Remote learning continues, basketball practices scheduled
For the first time this school year, there’s a plan for allowing students back into the building in the only Door County school district that has kept classrooms closed to students since spring.
This does not mean the Gibraltar School District will reopen the building to students anytime soon, but the board did vote 4-3 Monday to amend a recommendation from school administrators about how to phase in a reopening once new cases of COVID-19 decline.
Superintendent Tina Van Meer recommended last week that the school could begin to bring students back to school on a staggered schedule if the number of new coronavirus cases during a two-week period were between 63 and 97. During the two-week period ending Nov. 9, the number of new cases was 368.
“There’s been a significant, steady climb in the wrong direction,” Van Meer said.
Board members agreed it was unlikely that the number of new cases would fall below 97 before January. Board president and former superintendent Stephen Seyfer proposed making decisions based solely on numbers within Gibraltar’s district of northern Door County (Gibraltar district) – a motion that passed.
Angela Sherman cast one of the three dissenting votes, saying the online instruction had been excellent and safe. She and board member Lauren Ward expressed major concerns about safety given Door County’s high positivity rate, the number of staff members who commute from elsewhere to the school each day, and student-athletes who could help spread the virus within the school.
Board member Mark Weborg voted in favor of Seyfer’s proposal of the reopening guidelines. He expressed concerns about students experiencing depression and student-athletes starting to lose hope and inspiration to stay in school if they had to continue to study from home.
Under the recommendation from the administration one week earlier, if the county’s new biweekly coronavirus case totals fell below 97, students in kindergarten through second grade could go to school Monday, Wednesday and Friday; and students in grades 3-5 whose parents did not opt for 100 percent remote learning would have virtual classes three days a week and attend on Tuesday and Thursday. The model also called for students in particular upper grades to attend one entire week with their teachers and peers, and then the next week, all students within those grades would have online classes.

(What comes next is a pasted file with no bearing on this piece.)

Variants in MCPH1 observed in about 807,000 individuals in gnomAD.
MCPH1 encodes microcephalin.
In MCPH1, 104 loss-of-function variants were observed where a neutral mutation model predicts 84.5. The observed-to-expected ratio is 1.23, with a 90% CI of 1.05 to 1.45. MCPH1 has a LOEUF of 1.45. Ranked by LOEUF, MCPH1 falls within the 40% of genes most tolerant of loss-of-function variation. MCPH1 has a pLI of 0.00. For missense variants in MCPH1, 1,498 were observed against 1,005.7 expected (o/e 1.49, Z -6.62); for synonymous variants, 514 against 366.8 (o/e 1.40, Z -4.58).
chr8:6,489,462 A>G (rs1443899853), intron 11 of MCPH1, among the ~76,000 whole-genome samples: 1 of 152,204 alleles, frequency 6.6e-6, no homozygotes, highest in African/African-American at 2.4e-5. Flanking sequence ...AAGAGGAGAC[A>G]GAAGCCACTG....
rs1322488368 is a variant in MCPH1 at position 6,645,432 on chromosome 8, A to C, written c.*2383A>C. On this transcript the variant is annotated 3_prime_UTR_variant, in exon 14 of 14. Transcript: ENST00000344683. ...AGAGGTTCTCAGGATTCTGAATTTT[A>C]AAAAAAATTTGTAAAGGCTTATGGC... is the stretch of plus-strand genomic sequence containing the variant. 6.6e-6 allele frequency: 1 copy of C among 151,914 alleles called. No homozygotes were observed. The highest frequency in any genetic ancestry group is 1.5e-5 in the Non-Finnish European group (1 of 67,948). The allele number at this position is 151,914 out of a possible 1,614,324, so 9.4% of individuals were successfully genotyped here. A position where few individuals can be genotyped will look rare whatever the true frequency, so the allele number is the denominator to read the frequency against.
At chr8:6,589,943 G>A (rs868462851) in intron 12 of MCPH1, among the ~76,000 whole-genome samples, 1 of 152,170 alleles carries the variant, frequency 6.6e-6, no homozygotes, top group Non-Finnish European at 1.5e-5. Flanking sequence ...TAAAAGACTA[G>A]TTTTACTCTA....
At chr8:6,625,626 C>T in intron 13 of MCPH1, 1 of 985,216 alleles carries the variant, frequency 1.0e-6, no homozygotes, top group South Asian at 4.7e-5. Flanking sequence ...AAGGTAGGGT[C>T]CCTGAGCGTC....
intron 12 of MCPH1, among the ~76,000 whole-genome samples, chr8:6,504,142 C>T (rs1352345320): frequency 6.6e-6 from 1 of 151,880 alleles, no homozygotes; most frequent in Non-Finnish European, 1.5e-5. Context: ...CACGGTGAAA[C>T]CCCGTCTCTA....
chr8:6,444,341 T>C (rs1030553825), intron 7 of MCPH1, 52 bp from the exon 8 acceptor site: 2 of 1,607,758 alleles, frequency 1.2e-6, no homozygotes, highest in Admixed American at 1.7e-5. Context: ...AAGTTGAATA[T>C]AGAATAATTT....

The board did not clarify how to adapt the Northern Door COVID-19 statistics to the administration’s recommendation.
The board voted 7-0 in favor of a phase-in plan for extracurricular activities based on the coronavirus statistics in the district, with students required to adhere to strict social-distancing protocols.
The board also voted 4-3 in favor of eventually allowing participation in high school sports, with limited high school boys basketball practice and conditioning possibly starting next week, and high school girls practices starting in two weeks. Principal Gereon Methner said Gibraltar will limit the number of players in the gym, keep locker rooms closed and close the gym for 30 minutes between practices to allow for cleaning and to prevent intermingling of teams.
During the meeting, Seyfer read dozens of comments from community members and parents who watched the meeting online. Many pleaded with the board to continue with remote learning rather than open for in-person attendance.